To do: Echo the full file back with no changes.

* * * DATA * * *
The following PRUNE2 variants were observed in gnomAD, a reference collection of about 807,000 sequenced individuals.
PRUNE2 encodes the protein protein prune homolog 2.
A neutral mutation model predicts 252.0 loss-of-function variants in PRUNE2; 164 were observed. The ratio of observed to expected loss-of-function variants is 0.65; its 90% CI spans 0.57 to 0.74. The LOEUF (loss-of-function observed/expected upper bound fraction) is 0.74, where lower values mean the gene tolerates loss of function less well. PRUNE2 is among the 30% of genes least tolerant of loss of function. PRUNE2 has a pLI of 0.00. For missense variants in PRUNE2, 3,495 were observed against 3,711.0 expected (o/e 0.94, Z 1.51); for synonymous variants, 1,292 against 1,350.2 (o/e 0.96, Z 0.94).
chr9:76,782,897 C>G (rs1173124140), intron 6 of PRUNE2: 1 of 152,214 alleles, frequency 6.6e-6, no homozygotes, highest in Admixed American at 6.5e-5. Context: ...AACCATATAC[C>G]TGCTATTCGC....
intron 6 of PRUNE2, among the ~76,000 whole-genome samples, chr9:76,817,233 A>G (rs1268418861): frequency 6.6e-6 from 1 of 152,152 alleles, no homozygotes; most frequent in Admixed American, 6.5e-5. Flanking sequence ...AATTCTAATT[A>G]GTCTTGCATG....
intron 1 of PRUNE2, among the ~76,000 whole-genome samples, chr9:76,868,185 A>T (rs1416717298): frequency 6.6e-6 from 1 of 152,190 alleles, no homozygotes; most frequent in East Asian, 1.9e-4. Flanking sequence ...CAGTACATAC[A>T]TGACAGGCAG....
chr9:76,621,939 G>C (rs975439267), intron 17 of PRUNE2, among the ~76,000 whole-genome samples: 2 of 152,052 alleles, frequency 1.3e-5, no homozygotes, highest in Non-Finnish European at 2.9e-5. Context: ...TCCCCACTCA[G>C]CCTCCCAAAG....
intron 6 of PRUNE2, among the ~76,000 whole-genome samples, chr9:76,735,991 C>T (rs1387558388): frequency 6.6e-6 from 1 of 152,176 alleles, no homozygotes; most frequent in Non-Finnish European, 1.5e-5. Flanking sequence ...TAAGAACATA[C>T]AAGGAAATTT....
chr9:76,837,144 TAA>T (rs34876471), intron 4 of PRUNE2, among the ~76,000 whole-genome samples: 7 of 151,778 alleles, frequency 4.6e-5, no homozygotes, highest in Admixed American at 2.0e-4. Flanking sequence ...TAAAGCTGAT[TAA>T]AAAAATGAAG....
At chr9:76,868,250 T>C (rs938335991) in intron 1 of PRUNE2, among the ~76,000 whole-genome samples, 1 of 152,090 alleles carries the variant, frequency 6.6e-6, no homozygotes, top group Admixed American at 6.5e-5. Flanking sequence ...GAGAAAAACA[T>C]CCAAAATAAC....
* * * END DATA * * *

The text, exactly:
The following PRUNE2 variants were observed in gnomAD, a reference collection of about 807,000 sequenced individuals.
PRUNE2 encodes the protein protein prune homolog 2.
A neutral mutation model predicts 252.0 loss-of-function variants in PRUNE2; 164 were observed. The ratio of observed to expected loss-of-function variants is 0.65; its 90% CI spans 0.57 to 0.74. The LOEUF (loss-of-function observed/expected upper bound fraction) is 0.74, where lower values mean the gene tolerates loss of function less well. PRUNE2 is among the 30% of genes least tolerant of loss of function. PRUNE2 has a pLI of 0.00. For missense variants in PRUNE2, 3,495 were observed against 3,711.0 expected (o/e 0.94, Z 1.51); for synonymous variants, 1,292 against 1,350.2 (o/e 0.96, Z 0.94).
chr9:76,782,897 C>G (rs1173124140), intron 6 of PRUNE2: 1 of 152,214 alleles, frequency 6.6e-6, no homozygotes, highest in Admixed American at 6.5e-5. Context: ...AACCATATAC[C>G]TGCTATTCGC....
intron 6 of PRUNE2, among the ~76,000 whole-genome samples, chr9:76,817,233 A>G (rs1268418861): frequency 6.6e-6 from 1 of 152,152 alleles, no homozygotes; most frequent in Admixed American, 6.5e-5. Flanking sequence ...AATTCTAATT[A>G]GTCTTGCATG....
intron 1 of PRUNE2, among the ~76,000 whole-genome samples, chr9:76,868,185 A>T (rs1416717298): frequency 6.6e-6 from 1 of 152,190 alleles, no homozygotes; most frequent in East Asian, 1.9e-4. Flanking sequence ...CAGTACATAC[A>T]TGACAGGCAG....
chr9:76,621,939 G>C (rs975439267), intron 17 of PRUNE2, among the ~76,000 whole-genome samples: 2 of 152,052 alleles, frequency 1.3e-5, no homozygotes, highest in Non-Finnish European at 2.9e-5. Context: ...TCCCCACTCA[G>C]CCTCCCAAAG....
intron 6 of PRUNE2, among the ~76,000 whole-genome samples, chr9:76,735,991 C>T (rs1387558388): frequency 6.6e-6 from 1 of 152,176 alleles, no homozygotes; most frequent in Non-Finnish European, 1.5e-5. Flanking sequence ...TAAGAACATA[C>T]AAGGAAATTT....
chr9:76,837,144 TAA>T (rs34876471), intron 4 of PRUNE2, among the ~76,000 whole-genome samples: 7 of 151,778 alleles, frequency 4.6e-5, no homozygotes, highest in Admixed American at 2.0e-4. Flanking sequence ...TAAAGCTGAT[TAA>T]AAAAATGAAG....
At chr9:76,868,250 T>C (rs938335991) in intron 1 of PRUNE2, among the ~76,000 whole-genome samples, 1 of 152,090 alleles carries the variant, frequency 6.6e-6, no homozygotes, top group Admixed American at 6.5e-5. Flanking sequence ...GAGAAAAACA[T>C]CCAAAATAAC....